FIG. 4 is an enlarged transverse section view, partly broken away and partly in section, of the clock motor, showing an inner end view of a frame part thereof;
FIGS. 5 and 6 are enlarged axial section views of two embodiments of an armature of the clock motor; and
FIG. 7 is an enlarged transverse section view showing a modified stator core design of the clock motor.
Referring now to the drawings in detail wherein like numerals indicate like parts throughout the several figures, an embodiment 10 of a rotary electric motor of the present invention is employed as a battery powered synchronous clock motor for driving a clock counter 11 having four coaxial counter or time display wheels 12-15. For example, the clock 18 may be employed in an automobile and with the rotary motor 10 suitably connected to be powered by the automobile battery.
Referring to the diagrammatic representation of FIG. 1, the motor 10 comprises a suitable power unit 19 having a pair of input leads 20, 21 for connecting the power unit 19 to a suitable battery power source 23 and two pairs 26, 27 of output leads for separately connecting the power unit to a pair of identical field or stator coils 30. The power unit 19 is suitably designed to supply the same full wave AC power to each coil 30 but with the AC power being supplied to the two coils 30 in a 90° out-of-phase relationship, as shown in FIG. 1 (the connections to the two coils 30 determining the direction of rotation of the motor armature 50). The full wave AC power may for example be supplied in the form of a square wave, as shown in FIG. 1, or if desired in a form more nearly like a true sine wave.
The clock motor 10 drives the clock counter 11 via a suitable speed reduction gear train 34 comprising gears 36-44 which include an input gear 36 of the motor armature or rotor 50 and an output gear 44 of the right hand or lowest order counter wheel 12.
The clock 18 comprises a frame 60 with a pair of spaced parallel side plates 61. The four coaxial time display wheels 12-15 are mounted on a counter shaft 64 extending between the side plates 61 and secured within suitable opposed shaft support openings in the side plates. The motor 10 has an elongated configuration with parallel longitudinal and armature axes which are parallel to and transversely rearwardly offset from the axis of the counter shaft 64. The motor 10 is mounted between the side plates 61 in close association with the display wheels 12-15 to provide a compact clock assembly. Specifically, the motor 10 is mounted between the side plates 61 in engagement therewith by means of two axially outwardly extending pins 65 at each end of the motor 10 secured in conforming support apertures 66 in the side plates 61.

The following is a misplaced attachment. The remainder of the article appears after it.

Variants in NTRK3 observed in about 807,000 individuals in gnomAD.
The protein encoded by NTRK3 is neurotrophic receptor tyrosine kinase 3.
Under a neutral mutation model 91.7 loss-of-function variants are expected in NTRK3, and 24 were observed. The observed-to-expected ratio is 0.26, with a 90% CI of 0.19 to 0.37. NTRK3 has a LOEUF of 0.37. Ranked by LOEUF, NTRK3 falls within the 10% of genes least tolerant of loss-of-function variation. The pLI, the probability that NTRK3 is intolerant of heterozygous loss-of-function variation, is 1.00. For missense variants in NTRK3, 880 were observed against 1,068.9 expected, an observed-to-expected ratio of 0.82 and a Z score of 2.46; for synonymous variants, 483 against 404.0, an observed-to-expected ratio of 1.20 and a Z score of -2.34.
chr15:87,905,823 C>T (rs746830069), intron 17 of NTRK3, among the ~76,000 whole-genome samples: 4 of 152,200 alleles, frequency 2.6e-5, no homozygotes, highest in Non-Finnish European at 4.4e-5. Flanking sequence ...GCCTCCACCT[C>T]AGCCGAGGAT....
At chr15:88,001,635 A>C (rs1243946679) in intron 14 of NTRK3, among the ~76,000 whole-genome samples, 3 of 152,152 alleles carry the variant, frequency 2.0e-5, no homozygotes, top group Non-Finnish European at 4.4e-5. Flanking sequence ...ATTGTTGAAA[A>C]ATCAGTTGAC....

The motor 10 comprises a pair of identical, molded plastic, elongated frame parts 70 which are mounted in a predetermined axial alignment and so that their inner cooperating ends 72 fit together to provide a combined support frame and housing for the armature 50. For that purpose, the molded plastic frame parts 70 have inner parallel and axially spaced transverse end walls 78 with a plurality of axially inwardly extending posts and pins (hereinafter described) which abut and interfit to retain the frame parts 70 in a predetermined angular orientation about the axis of the armature 50. A non-rotating rotor shaft 80 is press fit within openings in opposed bosses 82 of the opposed frame parts 70 to rotatably support the armature 50 along substantially its entire length.
More specifically, the opposed elongated frame parts 70 are mounted in opposed relationship and angularly oriented about the axis of the armature 50 to have a common axially extending plane 90 (extending through the armature axis and the axis of a post 91) shown in broken lines in FIG. 4. Integral axially inwardly extending posts 92, 93 of each frame part 70 are located (equidistantly from the common plane 90 with their axes intersecting a line normal to the plane 90 and also normal to the axis of the armature 50) to provide two pairs of abutting posts 92, 93. The posts 93 have integral axially extending locating pins 96 and the posts 92 have axial openings 97 for receiving the locating pins 96 of the abutting posts 93 and thereby assist in locating and retaining the opposed frame parts in proper assembled relationship. Similarly, axially extending webs or sides 101, 102 and the posts 91 are provided for abutment in a common transverse plane 103 with the abutting posts 92, 93 as seen in FIG. 3. An axially extending tapered pin 104 and an axially extending post 106 with an axial opening 107 are located (equidistantly from the common plane 90 and with their axes intersecting a line normal thereto) for interfitting cooperation as seen in FIG. 3 for further assisting in aligning the opposed frame parts 70. In addition, one of the pins 104, the left hand pin 104 as viewed in FIG. 3, is employed for supporting the take-off compound gear 108 composed of spur gears 37, 38, and the adjacent post 106 and inner end wall 78 cooperate to locate the compound gear 108 for engagement with the gears 36, 39.